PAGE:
However, how do we go about changing these when the reality isn’t even cogitated in the first place? Well, as Wilson explains, even systemic racism can be overhauled by implementing changes that encourage a change to the current cultural discourse. “Addressing systemic racism is central to the change that is needed. There may be people that are racist, but the systems prevent the change that is needed, not the individuals,” Wilson explains. 

Adding: “Recruitment, talent development, artist management, pathways to leadership – all of these areas and many more need to be focused as part of overall systemic change. All organisations need to have a diversity action strategy that includes learning and awareness sessions in inclusive practice. All organisations and companies in the sector should have allocated protected funds in their annual operating budget to enable development and learning for their staff teams. These are structural devices which should, in my opinion, be mandatory and will, in itself, support structural change.”

The central message in this is one that involves all of us: “Become an anti-racist and not a passive bystander – to be silent is to be complicit.” There are plenty of steps and tools to assist this. “I was a child of the analogue age, but now I can go online and both watch and listen to my favourite musicians,” Wilson muses. “So, the message? Get online and self-educate, there is a huge amount of digital material out there, podcasts, interviews, articles, videos and books – you just have to care, if you do, you will find the time. But checking this material is not enough, you have to be reflective in your thoughts and ask yourself where is the connection between the things you learn about and you?   This reflective process is an important consideration if, as individuals, we can be part of the overall change-making process.”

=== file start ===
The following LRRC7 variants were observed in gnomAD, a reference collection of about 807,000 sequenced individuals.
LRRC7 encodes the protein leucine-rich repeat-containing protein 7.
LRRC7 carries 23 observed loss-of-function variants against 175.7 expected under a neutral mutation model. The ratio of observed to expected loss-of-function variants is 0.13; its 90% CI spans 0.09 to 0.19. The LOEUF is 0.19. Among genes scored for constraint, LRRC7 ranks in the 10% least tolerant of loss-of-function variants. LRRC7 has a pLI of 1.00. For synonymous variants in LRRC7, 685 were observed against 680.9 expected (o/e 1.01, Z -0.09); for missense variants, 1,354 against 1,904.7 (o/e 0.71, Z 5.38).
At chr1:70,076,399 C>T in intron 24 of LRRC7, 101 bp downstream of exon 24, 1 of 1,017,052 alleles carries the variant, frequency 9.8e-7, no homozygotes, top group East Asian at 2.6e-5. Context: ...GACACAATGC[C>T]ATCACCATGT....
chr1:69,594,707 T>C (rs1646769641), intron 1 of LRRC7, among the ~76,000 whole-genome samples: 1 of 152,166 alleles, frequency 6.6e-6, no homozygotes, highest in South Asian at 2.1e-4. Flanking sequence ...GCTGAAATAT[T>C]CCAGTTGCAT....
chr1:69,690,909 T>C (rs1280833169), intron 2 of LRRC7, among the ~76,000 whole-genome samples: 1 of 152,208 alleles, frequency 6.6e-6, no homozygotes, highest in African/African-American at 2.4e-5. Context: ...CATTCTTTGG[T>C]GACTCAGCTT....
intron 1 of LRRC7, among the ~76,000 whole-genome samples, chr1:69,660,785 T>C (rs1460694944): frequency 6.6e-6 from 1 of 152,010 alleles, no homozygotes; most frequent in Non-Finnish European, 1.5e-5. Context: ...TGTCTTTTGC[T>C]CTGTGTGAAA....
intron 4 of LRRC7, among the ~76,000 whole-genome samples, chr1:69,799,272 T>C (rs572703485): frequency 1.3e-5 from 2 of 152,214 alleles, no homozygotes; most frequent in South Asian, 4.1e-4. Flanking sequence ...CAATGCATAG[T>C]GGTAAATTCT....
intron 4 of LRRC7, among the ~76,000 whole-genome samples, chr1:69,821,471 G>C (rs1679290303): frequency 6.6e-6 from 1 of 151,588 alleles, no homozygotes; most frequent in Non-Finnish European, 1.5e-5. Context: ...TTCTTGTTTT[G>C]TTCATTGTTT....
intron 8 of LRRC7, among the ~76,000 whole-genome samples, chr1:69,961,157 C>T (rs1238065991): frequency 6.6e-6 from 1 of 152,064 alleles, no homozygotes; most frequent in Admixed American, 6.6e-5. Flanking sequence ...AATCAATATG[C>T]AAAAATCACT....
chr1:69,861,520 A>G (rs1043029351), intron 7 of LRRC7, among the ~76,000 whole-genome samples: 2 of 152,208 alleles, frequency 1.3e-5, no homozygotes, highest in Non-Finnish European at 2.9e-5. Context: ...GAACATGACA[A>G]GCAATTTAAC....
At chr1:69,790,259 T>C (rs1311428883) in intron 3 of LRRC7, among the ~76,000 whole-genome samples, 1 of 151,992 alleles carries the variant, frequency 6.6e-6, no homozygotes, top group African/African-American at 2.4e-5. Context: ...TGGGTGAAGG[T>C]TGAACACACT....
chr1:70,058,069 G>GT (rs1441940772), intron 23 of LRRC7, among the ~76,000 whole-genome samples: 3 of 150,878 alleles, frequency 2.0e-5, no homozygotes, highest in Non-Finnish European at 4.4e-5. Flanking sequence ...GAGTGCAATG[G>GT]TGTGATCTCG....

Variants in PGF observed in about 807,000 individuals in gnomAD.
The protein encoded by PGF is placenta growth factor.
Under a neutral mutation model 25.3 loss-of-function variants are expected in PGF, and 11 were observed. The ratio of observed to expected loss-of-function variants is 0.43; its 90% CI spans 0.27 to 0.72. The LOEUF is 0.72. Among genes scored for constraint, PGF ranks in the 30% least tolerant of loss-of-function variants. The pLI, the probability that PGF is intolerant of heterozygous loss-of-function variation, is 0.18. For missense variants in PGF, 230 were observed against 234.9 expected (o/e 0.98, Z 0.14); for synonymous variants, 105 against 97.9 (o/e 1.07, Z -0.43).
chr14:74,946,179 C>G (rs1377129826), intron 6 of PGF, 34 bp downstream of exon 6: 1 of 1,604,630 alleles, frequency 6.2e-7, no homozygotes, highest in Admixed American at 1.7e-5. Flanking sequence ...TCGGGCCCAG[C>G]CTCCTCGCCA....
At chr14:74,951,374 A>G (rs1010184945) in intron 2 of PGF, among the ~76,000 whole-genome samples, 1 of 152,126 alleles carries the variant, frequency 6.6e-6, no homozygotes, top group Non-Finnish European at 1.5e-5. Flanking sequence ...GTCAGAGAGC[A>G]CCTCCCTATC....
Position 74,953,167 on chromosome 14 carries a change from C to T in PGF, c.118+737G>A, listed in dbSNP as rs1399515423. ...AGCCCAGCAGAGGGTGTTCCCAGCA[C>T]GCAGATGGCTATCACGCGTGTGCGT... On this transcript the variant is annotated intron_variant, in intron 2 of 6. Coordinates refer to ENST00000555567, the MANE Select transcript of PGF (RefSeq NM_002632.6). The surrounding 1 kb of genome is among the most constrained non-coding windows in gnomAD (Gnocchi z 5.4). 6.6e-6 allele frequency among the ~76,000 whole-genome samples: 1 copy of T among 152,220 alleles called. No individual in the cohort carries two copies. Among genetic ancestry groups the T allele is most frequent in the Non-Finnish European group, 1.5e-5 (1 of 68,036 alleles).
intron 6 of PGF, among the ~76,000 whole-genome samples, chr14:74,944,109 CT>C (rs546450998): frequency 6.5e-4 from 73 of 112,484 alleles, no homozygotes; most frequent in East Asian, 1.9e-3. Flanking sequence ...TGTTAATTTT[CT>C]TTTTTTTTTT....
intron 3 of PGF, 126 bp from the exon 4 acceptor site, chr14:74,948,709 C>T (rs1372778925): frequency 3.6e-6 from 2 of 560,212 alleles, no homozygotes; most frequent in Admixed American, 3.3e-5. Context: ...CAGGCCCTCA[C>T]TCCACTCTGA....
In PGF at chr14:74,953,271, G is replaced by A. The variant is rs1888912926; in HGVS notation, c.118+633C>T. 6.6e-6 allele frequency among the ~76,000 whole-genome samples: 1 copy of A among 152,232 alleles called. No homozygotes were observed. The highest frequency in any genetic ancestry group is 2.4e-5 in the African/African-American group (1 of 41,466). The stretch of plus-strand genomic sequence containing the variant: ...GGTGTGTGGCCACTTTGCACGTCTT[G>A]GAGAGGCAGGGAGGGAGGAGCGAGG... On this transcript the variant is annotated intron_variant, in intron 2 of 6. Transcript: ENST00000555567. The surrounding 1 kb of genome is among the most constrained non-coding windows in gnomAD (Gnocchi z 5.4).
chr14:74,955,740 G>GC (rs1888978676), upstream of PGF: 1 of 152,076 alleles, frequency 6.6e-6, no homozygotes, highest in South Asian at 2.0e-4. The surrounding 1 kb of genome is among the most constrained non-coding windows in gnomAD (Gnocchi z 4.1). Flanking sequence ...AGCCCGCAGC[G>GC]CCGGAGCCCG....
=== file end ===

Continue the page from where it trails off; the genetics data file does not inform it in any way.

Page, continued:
If more people are cognizant of the problem and how it can be remedied, then the more likely meaningful change will become. These changes can be implemented in a number of ways. The first step involves a Grassroots medium to enforce change from the bottom up. “If we don’t address what goes in the pipeline then we can’t expect to see anything different coming out the other end,” Wilson explains. “The children and young people of today are tomorrow’s musicians, audiences, and hopefully all should be key stakeholders. The music education hub model is transactional – please come and have music lessons with us, if you can afford it!  We need to do much more to support grassroots participation by the wider community.”